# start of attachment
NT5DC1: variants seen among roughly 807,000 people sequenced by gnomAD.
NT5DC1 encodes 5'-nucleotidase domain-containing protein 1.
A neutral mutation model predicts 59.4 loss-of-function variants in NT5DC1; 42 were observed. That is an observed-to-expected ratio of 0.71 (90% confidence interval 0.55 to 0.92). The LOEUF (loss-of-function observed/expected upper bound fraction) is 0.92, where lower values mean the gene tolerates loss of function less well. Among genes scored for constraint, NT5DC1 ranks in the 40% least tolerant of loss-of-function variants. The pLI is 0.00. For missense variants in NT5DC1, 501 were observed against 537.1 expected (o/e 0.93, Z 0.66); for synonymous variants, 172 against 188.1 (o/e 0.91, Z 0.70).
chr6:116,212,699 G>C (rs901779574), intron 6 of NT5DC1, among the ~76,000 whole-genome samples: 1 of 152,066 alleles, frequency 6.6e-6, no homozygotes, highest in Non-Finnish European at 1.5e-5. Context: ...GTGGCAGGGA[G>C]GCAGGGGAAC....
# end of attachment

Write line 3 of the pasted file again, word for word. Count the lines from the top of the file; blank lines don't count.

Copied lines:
A neutral mutation model predicts 59.4 loss-of-function variants in NT5DC1; 42 were observed. That is an observed-to-expected ratio of 0.71 (90% confidence interval 0.55 to 0.92). The LOEUF (loss-of-function observed/expected upper bound fraction) is 0.92, where lower values mean the gene tolerates loss of function less well. Among genes scored for constraint, NT5DC1 ranks in the 40% least tolerant of loss-of-function variants. The pLI is 0.00. For missense variants in NT5DC1, 501 were observed against 537.1 expected (o/e 0.93, Z 0.66); for synonymous variants, 172 against 188.1 (o/e 0.91, Z 0.70).